It’s the hardest decision in conservation – when to help and when to let nature take its course. One of the responses to this dilemma is simple: if humans caused a situation, then humans can justifiably intervene to fix it.
But very little is simple in Amboseli. This beautiful place is home to humans, livestock and wildlife, all sharing tangled lives and spaces, and it’s almost impossible to separate the impacts of each one on the other.
In some cases, however, the decision to act is clear. The son of a Big Life ranger was out herding his livestock in the bush when a terrified baby Lesser Kudu sprinted past him, followed closely by a pack of feral dogs. The brave boy chased the hunger-crazed dogs off, and grabbed the small animal. He took it back to his boma and called his father, and the baby was later picked up by a team of rangers.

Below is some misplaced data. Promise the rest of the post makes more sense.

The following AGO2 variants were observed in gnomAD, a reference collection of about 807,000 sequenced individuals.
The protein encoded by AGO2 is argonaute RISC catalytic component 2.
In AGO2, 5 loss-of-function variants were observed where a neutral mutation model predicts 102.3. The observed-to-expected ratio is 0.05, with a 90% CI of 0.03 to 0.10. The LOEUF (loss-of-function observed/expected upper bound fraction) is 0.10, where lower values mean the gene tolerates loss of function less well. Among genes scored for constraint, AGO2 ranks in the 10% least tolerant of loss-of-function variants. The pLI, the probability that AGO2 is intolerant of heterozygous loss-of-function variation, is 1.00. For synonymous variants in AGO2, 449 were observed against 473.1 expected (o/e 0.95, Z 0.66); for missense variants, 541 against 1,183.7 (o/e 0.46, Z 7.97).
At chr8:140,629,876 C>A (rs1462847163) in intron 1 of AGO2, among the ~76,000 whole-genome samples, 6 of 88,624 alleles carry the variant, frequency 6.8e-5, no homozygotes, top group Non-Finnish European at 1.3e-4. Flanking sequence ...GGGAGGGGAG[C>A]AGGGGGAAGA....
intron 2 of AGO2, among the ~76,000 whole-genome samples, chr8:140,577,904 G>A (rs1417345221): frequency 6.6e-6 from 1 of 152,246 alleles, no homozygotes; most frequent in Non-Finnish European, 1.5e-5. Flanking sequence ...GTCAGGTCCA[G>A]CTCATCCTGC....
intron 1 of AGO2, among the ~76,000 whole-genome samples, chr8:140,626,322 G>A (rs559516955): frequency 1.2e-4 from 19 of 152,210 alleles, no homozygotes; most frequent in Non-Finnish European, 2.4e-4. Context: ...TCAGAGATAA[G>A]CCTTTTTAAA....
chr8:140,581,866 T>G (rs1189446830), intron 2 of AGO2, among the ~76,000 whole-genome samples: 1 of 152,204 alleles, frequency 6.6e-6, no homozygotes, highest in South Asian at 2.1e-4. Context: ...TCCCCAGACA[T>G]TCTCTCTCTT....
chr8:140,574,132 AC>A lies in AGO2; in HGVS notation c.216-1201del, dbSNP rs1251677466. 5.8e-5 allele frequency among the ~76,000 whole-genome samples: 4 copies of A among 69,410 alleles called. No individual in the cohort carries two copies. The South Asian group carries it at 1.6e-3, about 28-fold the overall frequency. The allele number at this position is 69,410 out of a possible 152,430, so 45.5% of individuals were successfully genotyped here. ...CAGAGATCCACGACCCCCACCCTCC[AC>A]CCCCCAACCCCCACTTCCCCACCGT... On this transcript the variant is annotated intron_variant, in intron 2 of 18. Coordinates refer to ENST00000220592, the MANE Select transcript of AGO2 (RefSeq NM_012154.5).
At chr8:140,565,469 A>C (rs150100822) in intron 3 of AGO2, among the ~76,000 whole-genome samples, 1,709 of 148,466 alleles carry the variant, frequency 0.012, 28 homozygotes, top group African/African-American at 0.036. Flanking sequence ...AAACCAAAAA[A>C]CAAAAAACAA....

Closer to the Big Life headquarters, a baby zebra was found walking alone very close to a town. Based on the assumption that some kind of human interference had led to the separation of baby and mother, and that the two had no chance of reuniting, the rangers also rescued this little creature.
Both of these babies have now been taken by the THE TSAVO TRUST wildlife orphanage, and the hope is that they will grow up to eventually live some kind of natural life.
Photo credit: Ryan Wilkie